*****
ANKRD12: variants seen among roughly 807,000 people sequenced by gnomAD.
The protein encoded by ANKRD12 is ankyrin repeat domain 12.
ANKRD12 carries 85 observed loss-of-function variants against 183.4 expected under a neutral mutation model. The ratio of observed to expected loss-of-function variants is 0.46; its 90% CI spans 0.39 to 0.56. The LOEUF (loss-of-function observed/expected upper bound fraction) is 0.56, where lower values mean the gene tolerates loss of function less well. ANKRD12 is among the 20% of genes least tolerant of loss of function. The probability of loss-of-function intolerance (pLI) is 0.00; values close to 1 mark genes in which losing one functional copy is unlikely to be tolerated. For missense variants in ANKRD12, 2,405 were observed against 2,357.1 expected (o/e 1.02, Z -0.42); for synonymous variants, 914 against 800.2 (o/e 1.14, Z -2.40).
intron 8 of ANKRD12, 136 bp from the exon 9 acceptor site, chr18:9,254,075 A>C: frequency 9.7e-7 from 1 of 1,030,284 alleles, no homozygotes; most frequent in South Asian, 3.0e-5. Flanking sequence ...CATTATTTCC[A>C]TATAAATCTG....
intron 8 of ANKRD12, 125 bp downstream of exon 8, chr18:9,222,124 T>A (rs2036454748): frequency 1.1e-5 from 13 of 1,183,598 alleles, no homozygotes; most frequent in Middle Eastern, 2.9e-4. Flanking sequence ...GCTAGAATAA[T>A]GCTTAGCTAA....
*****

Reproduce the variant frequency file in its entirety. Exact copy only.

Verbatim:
ANKRD12: variants seen among roughly 807,000 people sequenced by gnomAD.
The protein encoded by ANKRD12 is ankyrin repeat domain 12.
ANKRD12 carries 85 observed loss-of-function variants against 183.4 expected under a neutral mutation model. The ratio of observed to expected loss-of-function variants is 0.46; its 90% CI spans 0.39 to 0.56. The LOEUF (loss-of-function observed/expected upper bound fraction) is 0.56, where lower values mean the gene tolerates loss of function less well. ANKRD12 is among the 20% of genes least tolerant of loss of function. The probability of loss-of-function intolerance (pLI) is 0.00; values close to 1 mark genes in which losing one functional copy is unlikely to be tolerated. For missense variants in ANKRD12, 2,405 were observed against 2,357.1 expected (o/e 1.02, Z -0.42); for synonymous variants, 914 against 800.2 (o/e 1.14, Z -2.40).
intron 8 of ANKRD12, 136 bp from the exon 9 acceptor site, chr18:9,254,075 A>C: frequency 9.7e-7 from 1 of 1,030,284 alleles, no homozygotes; most frequent in South Asian, 3.0e-5. Flanking sequence ...CATTATTTCC[A>C]TATAAATCTG....
intron 8 of ANKRD12, 125 bp downstream of exon 8, chr18:9,222,124 T>A (rs2036454748): frequency 1.1e-5 from 13 of 1,183,598 alleles, no homozygotes; most frequent in Middle Eastern, 2.9e-4. Flanking sequence ...GCTAGAATAA[T>A]GCTTAGCTAA....